I know that radix sort can sort same-length string arrays, but is it possible to do so with variable-length strings. If it is, what is the C-family code or pseudo-code to implement this?

It might not a be fast algorithm for variable-length strings, but it is easy to implement radix sort, so it's useful if a sort needs to be coded quickly.

# Best How To :

I'm not quite sure what you mean by "variable-length strings" but you can perform a binary MSB radix sort in-place so the length of the string doesn't matter since there are no intermediate buckets.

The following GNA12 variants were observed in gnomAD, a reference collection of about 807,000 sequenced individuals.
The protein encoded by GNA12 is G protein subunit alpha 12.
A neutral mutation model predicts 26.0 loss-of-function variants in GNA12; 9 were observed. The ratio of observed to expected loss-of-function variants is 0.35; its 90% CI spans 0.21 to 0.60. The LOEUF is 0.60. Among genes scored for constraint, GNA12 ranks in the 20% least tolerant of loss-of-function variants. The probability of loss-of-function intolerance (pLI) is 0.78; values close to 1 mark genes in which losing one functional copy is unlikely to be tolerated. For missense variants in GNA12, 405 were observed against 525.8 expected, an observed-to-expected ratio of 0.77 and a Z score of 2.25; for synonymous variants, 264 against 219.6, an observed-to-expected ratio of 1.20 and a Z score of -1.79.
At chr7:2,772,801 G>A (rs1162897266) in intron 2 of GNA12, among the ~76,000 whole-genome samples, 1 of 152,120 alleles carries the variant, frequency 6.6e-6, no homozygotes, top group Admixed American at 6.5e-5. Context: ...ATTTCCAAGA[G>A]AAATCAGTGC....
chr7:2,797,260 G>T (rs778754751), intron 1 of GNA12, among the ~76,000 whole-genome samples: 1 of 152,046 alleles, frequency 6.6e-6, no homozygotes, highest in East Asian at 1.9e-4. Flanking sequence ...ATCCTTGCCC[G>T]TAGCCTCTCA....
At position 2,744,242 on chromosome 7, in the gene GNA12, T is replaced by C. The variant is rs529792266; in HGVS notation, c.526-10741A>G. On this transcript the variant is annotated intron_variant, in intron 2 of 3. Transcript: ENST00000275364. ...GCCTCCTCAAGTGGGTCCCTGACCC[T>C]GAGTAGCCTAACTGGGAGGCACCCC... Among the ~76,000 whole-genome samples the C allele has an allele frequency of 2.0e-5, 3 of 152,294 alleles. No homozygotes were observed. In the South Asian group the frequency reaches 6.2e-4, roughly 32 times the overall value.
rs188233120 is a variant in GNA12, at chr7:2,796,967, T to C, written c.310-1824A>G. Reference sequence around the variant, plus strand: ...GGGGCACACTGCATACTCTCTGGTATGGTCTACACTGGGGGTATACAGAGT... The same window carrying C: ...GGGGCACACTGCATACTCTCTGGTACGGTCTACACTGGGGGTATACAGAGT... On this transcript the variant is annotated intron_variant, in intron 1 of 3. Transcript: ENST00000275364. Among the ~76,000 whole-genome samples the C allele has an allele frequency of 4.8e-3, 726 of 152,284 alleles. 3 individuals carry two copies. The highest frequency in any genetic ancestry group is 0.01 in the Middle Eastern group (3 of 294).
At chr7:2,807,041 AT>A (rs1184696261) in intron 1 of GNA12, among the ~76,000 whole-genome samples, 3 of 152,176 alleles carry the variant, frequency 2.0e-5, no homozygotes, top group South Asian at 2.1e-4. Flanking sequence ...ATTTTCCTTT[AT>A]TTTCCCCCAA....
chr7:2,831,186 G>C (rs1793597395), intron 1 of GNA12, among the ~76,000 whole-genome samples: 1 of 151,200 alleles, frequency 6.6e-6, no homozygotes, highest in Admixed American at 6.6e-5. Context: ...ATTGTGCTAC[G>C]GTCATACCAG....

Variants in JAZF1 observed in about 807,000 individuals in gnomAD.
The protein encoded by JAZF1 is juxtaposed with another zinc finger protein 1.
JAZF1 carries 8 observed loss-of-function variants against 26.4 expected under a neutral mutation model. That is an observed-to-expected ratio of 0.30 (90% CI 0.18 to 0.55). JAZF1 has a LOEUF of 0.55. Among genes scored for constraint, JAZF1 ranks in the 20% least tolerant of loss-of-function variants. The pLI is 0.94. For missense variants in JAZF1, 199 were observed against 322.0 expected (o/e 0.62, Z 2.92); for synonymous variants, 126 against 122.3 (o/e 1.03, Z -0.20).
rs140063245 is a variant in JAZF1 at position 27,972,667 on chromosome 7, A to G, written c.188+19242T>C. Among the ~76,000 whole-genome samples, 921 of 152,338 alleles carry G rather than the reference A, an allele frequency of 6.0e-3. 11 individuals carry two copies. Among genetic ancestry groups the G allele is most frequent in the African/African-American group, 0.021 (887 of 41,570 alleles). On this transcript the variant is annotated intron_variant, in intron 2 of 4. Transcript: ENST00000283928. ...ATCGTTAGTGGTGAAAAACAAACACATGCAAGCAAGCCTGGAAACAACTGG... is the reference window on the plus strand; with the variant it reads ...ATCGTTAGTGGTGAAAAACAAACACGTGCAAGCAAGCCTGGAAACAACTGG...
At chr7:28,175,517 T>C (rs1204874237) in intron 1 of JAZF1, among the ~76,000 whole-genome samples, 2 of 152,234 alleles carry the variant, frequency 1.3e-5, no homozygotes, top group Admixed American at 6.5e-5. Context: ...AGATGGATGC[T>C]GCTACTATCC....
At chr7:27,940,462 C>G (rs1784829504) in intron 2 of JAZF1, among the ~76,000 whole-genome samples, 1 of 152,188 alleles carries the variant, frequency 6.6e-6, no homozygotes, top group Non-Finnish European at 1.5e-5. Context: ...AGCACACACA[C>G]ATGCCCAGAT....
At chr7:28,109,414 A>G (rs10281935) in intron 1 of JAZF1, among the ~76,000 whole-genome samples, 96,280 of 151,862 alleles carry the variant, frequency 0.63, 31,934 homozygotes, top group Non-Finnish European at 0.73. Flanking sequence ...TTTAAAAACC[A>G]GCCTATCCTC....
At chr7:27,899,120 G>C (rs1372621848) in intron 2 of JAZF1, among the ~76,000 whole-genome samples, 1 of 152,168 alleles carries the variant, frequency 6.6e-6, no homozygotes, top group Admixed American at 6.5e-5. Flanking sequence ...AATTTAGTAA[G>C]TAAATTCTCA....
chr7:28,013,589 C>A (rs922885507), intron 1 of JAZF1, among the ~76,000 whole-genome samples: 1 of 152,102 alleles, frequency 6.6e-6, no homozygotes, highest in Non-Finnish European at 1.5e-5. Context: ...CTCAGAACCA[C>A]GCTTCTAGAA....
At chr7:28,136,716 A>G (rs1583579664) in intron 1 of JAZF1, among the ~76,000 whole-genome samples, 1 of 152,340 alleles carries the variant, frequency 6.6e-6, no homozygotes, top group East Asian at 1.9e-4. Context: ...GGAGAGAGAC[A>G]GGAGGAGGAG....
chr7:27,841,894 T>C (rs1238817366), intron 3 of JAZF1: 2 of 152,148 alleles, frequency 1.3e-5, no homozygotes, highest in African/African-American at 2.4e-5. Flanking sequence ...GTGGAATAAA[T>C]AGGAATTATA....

```
#include <stdio.h>
#include <algorithm>
static void display(char *str, int *data, int size)
{
printf("%s: ", str);
for(int v=0;v<size;v++) {
printf("%d ", data[v]);
}
printf("\n");
}
static void sort(int *data, int size, int bit)
{
if (bit == 0)
return;
int b = 0;
int e = size;
if (size > 0) {
while (b != e) {
if (data[b] & (1 << bit)) {
std::swap(data[b], data[--e]);
}
else {
b++;
}
}
sort(data, e, bit - 1);
sort(data + b, size - b, bit - 1);
}
}
int main()
{
int data[] = { 13, 12, 22, 20, 3, 4, 14, 92, 11 };
int size = sizeof(data) / sizeof(data[0]);
display("Before", data, size);
sort(data, size, sizeof(int)*8 - 1);
display("After", data, size);
}
```